15. C. Atrial flutter is the most commonly missed tachydysrhythmia. It can cause a regular or irregular rhythm based on its pattern of conduction. Do you know the tips and tricks to avoid misdiagnosing it?

  16. B. In type I, 2nd degree AV block, each atrial impulse has longer and longer conduction time until it fails to conduct to the ventricle. Are you confident in your treatment of unstable bradycardia

  17. B. Patients with syncope and suspected Brugada syndrome need admission for EP testing. 

  18. A. Don’t rule out ventricular tachycardia and call it SVT based on age. Have you heard about the Mattu 2-step algorithm for wide complex tachycardia? Use it to make sure you do not miss this deadly diagnosis. 

  19. C. In type II, 2nd degree AV block, some but not all impulses are transmitted to the ventricles WITHOUT progressive PR interval lengthening. Watch difficult rhythm interpretation made easy for more practice. 

  20. D. The terminal QRS vector in aVR and V6 should always be opposite one another. If the vectors point in the same direction, consider misplaced leads and repeat the ECG! Using a systematic approach and knowing the causes of right axis deviation should have made you consider lead misplacement. 


 
Answers to the 2014 UMEM ECG Competition
Episode 143

May 26, 2014


SPOILER ALERT:

Test your skills & take the test the before watching this!


Did you miss a few questions?
 
Study the linked content & learn from mistakes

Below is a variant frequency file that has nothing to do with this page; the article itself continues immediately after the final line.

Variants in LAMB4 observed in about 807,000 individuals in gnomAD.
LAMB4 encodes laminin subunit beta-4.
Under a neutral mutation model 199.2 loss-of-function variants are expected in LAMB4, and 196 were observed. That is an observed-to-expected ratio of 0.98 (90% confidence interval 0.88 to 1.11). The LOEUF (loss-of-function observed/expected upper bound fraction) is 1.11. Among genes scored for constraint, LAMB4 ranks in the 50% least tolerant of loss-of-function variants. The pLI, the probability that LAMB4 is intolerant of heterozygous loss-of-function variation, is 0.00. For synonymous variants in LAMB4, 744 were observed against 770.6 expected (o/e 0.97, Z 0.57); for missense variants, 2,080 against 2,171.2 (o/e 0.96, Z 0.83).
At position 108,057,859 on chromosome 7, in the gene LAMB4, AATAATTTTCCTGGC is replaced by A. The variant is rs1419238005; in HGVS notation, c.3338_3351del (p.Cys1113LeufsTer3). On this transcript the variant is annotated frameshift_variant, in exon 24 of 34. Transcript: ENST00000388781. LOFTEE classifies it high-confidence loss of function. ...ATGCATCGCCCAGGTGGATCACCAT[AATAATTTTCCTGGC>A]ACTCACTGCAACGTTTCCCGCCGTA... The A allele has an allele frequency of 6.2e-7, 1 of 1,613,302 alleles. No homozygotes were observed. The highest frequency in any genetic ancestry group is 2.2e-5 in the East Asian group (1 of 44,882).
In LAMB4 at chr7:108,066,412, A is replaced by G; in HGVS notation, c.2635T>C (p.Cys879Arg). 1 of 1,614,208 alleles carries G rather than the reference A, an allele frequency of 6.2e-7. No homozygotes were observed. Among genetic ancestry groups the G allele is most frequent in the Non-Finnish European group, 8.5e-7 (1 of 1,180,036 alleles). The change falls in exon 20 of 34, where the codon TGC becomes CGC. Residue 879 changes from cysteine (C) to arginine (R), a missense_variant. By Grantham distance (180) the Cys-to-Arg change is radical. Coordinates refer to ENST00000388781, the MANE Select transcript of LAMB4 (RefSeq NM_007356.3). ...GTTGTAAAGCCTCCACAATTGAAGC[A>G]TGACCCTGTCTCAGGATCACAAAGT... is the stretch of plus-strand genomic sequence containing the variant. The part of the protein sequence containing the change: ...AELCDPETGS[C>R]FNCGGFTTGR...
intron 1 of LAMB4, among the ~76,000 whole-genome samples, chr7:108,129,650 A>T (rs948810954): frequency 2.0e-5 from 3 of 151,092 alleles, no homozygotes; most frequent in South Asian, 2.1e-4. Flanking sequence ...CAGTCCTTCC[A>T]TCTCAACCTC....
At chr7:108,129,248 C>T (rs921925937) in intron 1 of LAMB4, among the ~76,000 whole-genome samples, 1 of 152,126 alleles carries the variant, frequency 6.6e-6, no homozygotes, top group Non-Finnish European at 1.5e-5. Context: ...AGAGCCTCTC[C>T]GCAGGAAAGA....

to make sure you don’t miss when it really counts. 
 
Your patients deserve it!

Answers:

  1. B. Pathological Q-waves are at least 40 ms (1mm) in duration (width). They can develop within a couple hours of onset of MI. 

  2. D. ST elevation in II,III,aVF, & V1 + ST depression in lead V2 is highly suggestive of inferior & right ventricular MI. What if V2 has ST depression but V1 & V3 are isoelectric? Do you remember how to diagnose RV MI? How about posterior MI?

  3. A. You can diagnose MI in patients with left bundle branch block. Concordant ST depression ≥ 1mm in V1, V2, or V3 is specific for an acute MI. Make sure you are aware of the Modified Sgarbossa Rule

  4. A. Sometimes ST depression needs to be treated just like ST elevation! Know that de Winter T-waves are suggestive of an acute proximal LAD lesion. 

  5. C. Wellens syndrome is specific for an obstructed LAD lesion. Patients may be asymptomatic, but may benefit from non-emergent catheterization. Check out these other can’t miss cases of Wellens syndrome and make sure you know what’s the opposite of Wellens waves

  6. D. New T-wave inversions in aVL can be the first sign of an inferior STEMI. Subtle reciprocal changes can preceed ST elevations in MI. 

  7. D. Hyperkalemia can cause advanced AV blocks and sinus pauses. When dealing with a bizarre rhythm that is not responding to ACLS, consider hyperkalemia & treat with empiric Ca2+ and NaHCO3-